At this time when some people may be still unsure about which way to vote in the ‘Brexit’ referendum on June 23rd, the Fishing for Leave group speaks to a random selection of some well-known figures in the UK fishing industry and asks why they think that opting out of the European Union regime would benefit the British commercial fishing sector in the long term:
- Jim Portus – South West Fishermen’s Producer Organisation
I am urging people to vote for ‘Leave’ on June 23rd because, not only do I not believe the scaremongers in the ‘Remain’ camp, but I am also convinced by the arguments set out by George Eustice, the current UK Fisheries Minister, in his paper on fisheries post ‘Brexit’.
Furthermore, as a quota manager, I have wrestled for many years with never having enough quotas to be able to allocate to our fishermen members.
Not only was the UK stitched up in the 1983 agreement, particularly in relation to fishing grounds in Area VII, but also that the UK had to share its meagre allocations with foreign-owned ‘flag of convenience’ vessels that have been able to masquerade as British since 1977.
The Merchant Shipping Act of 1988 attempted to end the pariah of quota-hopping, only to have its provisions dashed by the European Court of Justice (ECJ).
If we leave the EU we can not only negotiate better terms of access to our own waters and resources, but our Parliament can be sovereign once more – and no longer having to bow to the rulings of the ECJ.
Regaining those quotas may not be a priority, but in the longer term it would obviously be best if British fish is caught by British fishermen.
I say bring on the Brexit and let’s take back control of that which should be controlled BY the UK and FOR the benefit of the UK.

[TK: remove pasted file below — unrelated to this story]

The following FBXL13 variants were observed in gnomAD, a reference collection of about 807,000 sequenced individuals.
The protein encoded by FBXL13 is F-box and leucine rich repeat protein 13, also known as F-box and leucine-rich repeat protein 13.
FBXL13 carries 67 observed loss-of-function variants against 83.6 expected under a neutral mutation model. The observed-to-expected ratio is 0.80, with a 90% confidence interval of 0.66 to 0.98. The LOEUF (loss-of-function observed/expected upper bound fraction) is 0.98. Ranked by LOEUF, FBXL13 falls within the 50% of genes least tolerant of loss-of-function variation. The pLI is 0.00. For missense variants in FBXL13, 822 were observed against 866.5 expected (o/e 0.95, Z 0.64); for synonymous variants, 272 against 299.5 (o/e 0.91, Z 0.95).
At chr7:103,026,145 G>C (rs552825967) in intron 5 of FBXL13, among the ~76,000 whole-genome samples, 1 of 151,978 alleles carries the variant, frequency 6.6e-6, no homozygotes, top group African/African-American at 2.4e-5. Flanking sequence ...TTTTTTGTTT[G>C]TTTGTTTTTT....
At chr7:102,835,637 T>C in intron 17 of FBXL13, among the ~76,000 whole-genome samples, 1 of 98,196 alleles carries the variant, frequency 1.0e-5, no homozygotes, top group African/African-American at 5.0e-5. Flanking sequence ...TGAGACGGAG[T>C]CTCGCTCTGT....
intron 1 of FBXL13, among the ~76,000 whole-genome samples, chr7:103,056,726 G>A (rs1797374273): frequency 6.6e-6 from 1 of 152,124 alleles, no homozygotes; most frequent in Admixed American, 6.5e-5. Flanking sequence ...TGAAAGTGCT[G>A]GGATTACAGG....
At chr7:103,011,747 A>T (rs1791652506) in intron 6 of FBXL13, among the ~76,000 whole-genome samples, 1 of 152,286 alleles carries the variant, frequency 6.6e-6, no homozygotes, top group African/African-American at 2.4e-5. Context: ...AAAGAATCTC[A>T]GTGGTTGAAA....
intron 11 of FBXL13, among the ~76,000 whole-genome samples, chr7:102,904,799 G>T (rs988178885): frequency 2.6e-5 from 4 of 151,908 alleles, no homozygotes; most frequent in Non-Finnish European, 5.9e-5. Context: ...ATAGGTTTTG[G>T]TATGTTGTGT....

- Carol MacDonald – Cod Crusader
From a community aspect I didn’t hesitate to participate in the ‘Fishing for Leave’ campaign when I was asked.
Even though it is a decade or more since my finger was on the pulse of the fishing industry, I can clearly see the ever-decreasing level of fishing activity in our coastal communities who rely so heavily on fishing in socio economic terms, heritage and tradition.
This has not been a gradual turndown and it has impacted severely on local businesses and employment numbers – the lifeblood of smaller rural coastal regions.
Being part of the European Union, and its ridiculous regulations has seriously damaged countless fishing communities and has badly eroded a previously sustainable way of life.
- Cormac Burke – FishComm Ltd.
Although well known for being highly critical of the EU Fisheries Commission through my many years of being an editor of three different fishing industry newspapers, I must confess that I initially had some doubts about whether an ‘In’ or ‘Out’ vote would be best for the long term future our fishing industry.
However, after giving consideration to the fact that no policy or strategy of fisheries management is ever likely to improve whilst this industry remains in the hands of the EU Commission (indeed it may get much worse), and that such policies are extremely likely to see major change in the event of an exit from the ever-complicating red tape from Brussels, I believe that getting out from under the almost feudal tyranny of EU control is the only option left open to those in this fishing industry who want to survive.
Aside from the many, many poor decisions made by the EU Fisheries Commission over the years (too many to list here), the biggest issue this industry has with the EU is ‘responsibility’, or in many cases, lack of responsibility:
- Several extremely expensive EU-wide ‘renewal of the fleet’ vessel building schemes were inevitably followed by even more expensive schemes to scrap vessels (sometimes including some of the newly-built ones) – but at no point did the Commission come out and admit that they had ‘cocked-up’;